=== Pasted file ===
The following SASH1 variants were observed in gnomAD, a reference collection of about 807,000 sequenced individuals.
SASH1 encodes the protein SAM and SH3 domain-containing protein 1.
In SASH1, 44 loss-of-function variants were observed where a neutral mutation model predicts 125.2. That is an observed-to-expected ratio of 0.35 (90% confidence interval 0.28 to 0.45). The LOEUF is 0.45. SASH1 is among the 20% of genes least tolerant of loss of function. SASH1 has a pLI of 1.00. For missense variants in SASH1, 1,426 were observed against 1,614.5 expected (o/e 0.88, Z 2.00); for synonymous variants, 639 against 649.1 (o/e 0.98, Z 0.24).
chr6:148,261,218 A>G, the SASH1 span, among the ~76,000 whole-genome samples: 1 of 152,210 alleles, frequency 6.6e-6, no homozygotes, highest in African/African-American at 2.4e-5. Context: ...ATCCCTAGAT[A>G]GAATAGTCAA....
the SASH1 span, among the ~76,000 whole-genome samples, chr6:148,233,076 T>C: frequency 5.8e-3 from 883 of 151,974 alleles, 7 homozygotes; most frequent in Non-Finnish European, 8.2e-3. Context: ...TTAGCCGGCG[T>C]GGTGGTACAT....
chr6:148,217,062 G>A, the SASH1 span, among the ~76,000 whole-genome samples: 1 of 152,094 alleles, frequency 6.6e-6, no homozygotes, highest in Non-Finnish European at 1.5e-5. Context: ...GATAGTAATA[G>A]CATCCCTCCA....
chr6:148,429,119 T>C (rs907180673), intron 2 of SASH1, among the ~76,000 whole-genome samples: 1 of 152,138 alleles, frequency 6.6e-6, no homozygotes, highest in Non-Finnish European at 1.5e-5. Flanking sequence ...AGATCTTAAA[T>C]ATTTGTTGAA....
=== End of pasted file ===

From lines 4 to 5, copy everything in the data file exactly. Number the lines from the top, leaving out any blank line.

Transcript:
chr6:148,261,218 A>G, the SASH1 span, among the ~76,000 whole-genome samples: 1 of 152,210 alleles, frequency 6.6e-6, no homozygotes, highest in African/African-American at 2.4e-5. Context: ...ATCCCTAGAT[A>G]GAATAGTCAA....
the SASH1 span, among the ~76,000 whole-genome samples, chr6:148,233,076 T>C: frequency 5.8e-3 from 883 of 151,974 alleles, 7 homozygotes; most frequent in Non-Finnish European, 8.2e-3. Context: ...TTAGCCGGCG[T>C]GGTGGTACAT....